Shadow and Act: You played football for the University of Georgia. What I found so odd is that in most of your interviews that I’ve read, the journalists did not understand how big of deal the school is in Georgia. Can you tell us about playing football at UGA?

OH: I don’t make a big deal out of playing football at UGA to people who have interviewed me. But you know what, let me take a step back in this interview and reflect on where we are at this moment. Understanding that you and I both know how huge UGA is and we are in LA now.  Its two different worlds, you’d have to have lived in GA to understand. Even USC or UCLA does not even have the same affect on its residents like southern football. I love the fact that I can appreciate where I come from, and know that world actually exists. Unlike many Californians or New Yorkers, college football is a religion down south. I played defensive back at UGA. I started out at Furman University in South Carolina. I went there for a year, and then I transferred to UGA.

Shadow and Act: Why did you transfer?

OH: When I got to Furman, it was just too small. I wanted a larger school, with a vast environment like UGA. But my dream school was the University of Michigan. Ever since I was a boy, I wanted to go there. But I couldn’t see having my parents come all that way to support me in Michigan. I wanted to be around bigger football. My senior year in high school, I had offers at Ole Miss, University of Wisconsin, Duke University, Furman, and University of Georgia. While in college I minored in theater.

Shadow and Act: While at UGA you joined Alpha Phi Alpha fraternity. And through my research, I found out that we actually have a friend in common, Rasheed Cromwell, Owner or the Harbor Institute.  

OH: So, you went to North Carolina A&T? That’s cool.  I met Rasheed in my boy Cory’s wedding. Cory is an Alpha from A&T.

Shadow and Act: Yes, I went to North Carolina A&T. Through that organization you do workshops for young black Greeks entitled, “Brotherhood to Hollywood.”  Tell us how this all came about.  

OH: Well, Cory, Chuck Deezy (from How High), and I are all Alpha’s. We came together and created this program for college students as a how to workshop on transitioning from college to Hollywood. The workshops are split up into three parts: I cover the craft needed to make it in Hollywood. Chuck covers the perseverance needed, and Cory covers networking.

Shadow and Act: So, how many schools have you toured?

OH: We have toured five schools, and most recently, they did their first one without me. We started the workshops when I was having a dry acting season, and then when things took off recently, they kind of went ahead without me.

Shadow and Act: So you no longer do the workshops?

OH: I did not do the most recent workshop. We actually had a kind of disagreement about the matter. I had a talk with Corey about it, and I had to check Rasheed about it a couple of times. I have not spoken to Rasheed since the incident. But I talk to Corey all the time. I am like Godfather to his son.  

Shadow and Act: Can you let our readers know where they can find out about the workshop?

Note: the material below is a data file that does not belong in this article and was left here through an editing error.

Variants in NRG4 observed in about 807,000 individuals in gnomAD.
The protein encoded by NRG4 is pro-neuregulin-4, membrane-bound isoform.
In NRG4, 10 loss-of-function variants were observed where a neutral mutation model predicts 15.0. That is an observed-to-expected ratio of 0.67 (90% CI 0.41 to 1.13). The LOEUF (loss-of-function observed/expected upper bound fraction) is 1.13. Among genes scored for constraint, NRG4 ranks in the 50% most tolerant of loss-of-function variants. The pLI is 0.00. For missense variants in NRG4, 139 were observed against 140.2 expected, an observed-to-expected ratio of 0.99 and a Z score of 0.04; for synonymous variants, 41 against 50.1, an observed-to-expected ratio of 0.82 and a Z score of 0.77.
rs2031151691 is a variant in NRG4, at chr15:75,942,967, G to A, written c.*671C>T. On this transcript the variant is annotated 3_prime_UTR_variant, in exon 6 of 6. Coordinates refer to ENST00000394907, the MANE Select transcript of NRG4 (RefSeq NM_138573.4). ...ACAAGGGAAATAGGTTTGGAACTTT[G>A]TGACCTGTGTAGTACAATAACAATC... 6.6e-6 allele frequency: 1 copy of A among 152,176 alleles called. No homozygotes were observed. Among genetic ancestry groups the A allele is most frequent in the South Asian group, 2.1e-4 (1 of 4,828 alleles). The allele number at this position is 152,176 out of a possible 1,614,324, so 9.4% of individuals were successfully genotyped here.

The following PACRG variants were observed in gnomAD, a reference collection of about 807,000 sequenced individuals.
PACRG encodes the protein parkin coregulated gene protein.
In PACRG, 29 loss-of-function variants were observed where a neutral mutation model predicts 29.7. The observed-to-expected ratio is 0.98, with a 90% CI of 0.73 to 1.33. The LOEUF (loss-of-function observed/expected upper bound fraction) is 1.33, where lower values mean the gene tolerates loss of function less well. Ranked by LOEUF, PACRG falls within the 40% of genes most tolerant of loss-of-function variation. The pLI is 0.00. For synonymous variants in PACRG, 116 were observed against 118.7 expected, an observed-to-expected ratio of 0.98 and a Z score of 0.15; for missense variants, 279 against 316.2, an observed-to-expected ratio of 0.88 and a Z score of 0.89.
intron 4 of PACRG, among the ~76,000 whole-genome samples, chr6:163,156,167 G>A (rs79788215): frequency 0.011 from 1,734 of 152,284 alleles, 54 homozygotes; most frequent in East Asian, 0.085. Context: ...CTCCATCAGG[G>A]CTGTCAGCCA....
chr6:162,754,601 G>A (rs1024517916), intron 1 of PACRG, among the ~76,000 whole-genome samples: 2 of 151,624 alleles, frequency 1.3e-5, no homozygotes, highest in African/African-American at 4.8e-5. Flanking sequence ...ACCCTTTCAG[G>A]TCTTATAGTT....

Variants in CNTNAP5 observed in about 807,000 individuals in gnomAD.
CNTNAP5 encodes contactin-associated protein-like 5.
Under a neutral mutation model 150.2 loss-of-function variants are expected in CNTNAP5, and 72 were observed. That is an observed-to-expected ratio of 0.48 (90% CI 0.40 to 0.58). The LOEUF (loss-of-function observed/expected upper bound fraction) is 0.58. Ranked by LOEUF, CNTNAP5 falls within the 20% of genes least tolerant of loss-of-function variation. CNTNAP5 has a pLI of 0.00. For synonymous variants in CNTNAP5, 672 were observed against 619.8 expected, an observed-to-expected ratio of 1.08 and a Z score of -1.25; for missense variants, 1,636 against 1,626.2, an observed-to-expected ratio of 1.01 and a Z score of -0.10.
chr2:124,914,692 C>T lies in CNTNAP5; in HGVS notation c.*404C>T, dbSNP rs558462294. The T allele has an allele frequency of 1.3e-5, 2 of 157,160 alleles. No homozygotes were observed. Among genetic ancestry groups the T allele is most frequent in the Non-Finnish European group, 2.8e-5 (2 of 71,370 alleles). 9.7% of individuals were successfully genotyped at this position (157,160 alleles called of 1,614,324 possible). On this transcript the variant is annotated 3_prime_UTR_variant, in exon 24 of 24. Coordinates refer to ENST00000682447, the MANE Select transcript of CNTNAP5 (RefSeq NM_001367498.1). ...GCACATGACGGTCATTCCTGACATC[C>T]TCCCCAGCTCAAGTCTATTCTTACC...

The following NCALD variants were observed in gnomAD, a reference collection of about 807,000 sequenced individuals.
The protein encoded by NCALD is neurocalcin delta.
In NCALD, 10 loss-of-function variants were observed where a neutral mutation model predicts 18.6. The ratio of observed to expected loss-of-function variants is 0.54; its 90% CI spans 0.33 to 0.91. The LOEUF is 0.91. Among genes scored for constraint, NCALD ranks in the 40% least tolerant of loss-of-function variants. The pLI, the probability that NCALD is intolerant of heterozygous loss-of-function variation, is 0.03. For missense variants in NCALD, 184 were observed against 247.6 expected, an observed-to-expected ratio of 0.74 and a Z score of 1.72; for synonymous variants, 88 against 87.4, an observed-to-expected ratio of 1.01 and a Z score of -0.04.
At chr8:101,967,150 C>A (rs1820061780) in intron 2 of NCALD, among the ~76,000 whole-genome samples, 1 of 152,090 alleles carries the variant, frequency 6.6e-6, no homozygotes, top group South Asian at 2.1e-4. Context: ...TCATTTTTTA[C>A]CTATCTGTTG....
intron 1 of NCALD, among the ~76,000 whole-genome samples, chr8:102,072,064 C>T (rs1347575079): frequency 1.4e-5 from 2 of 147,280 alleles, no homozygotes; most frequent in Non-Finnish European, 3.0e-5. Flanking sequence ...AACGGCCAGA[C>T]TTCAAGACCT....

OH: The workshop is called “ Brotherhood to Hollywood.” People can find out more by going to or 

Shadow and Act: Can you tell us about the events that led you from UGA to the San Diego Chargers?

OH: I tore my knee my senior year in college. My speed went down a little bit. However, despite all of this, I worked out with the juniors and seniors at UGA to get into the league. I also worked out with Furman as well. So, my options were pretty much the Falcons, Pittsburgh, they tend to take Georgia players, and San Diego. I ended up at San Diego on their developmental squad. The developmental squad was their non travel squad. My coach in San Diego was Bobby Ross. Who used to coach at Georgia Tech. In high school, I was also recruited by Bobby Ross. Pretty much, although I had slow speed, and an injury, I was given a shot at San Diego, because of my relationship with Bobby Ross. I had known him since I was 15 years old.

Shadow and Act: So, you were on the teams’ developmental squad. What was the outcome of that?

OH: I was cut from the Chargers.

Shadow and Act:  Did getting cut from the team make you move forward with acting on a professional level?

OH: I began to ask myself the question, “What does God want me to do with my life?” And you know what Masha? I kept on hearing the voice of God saying if you are going to be the minister that your mom mentioned… then you have to act. My pulpit is acting.

Shadow and Act: Your mother thought that you’d be a minister?

OH: Yes, she did.

Shadow and Act: At this point in your life, you find yourself in San Diego, but not playing professional football. Why didn’t you move to LA and begin your career?

OH: I moved back home to Atlanta. I did travel back and forth to LA a bit with my college girlfriend at the time. But from Atlanta, I made the move to New York. I’m all about not cutting corners. I come from stage; my experience had been on stage. So, thus, I went to New York. Once there, I studied at the Beacon Theater during the day and performed during the night at various hole in the wall theaters. I struggled so much.

Shadow & Act: I know that you mentioned that you’ve always written poetry, but during this time in your life — did your writing increase tremendously?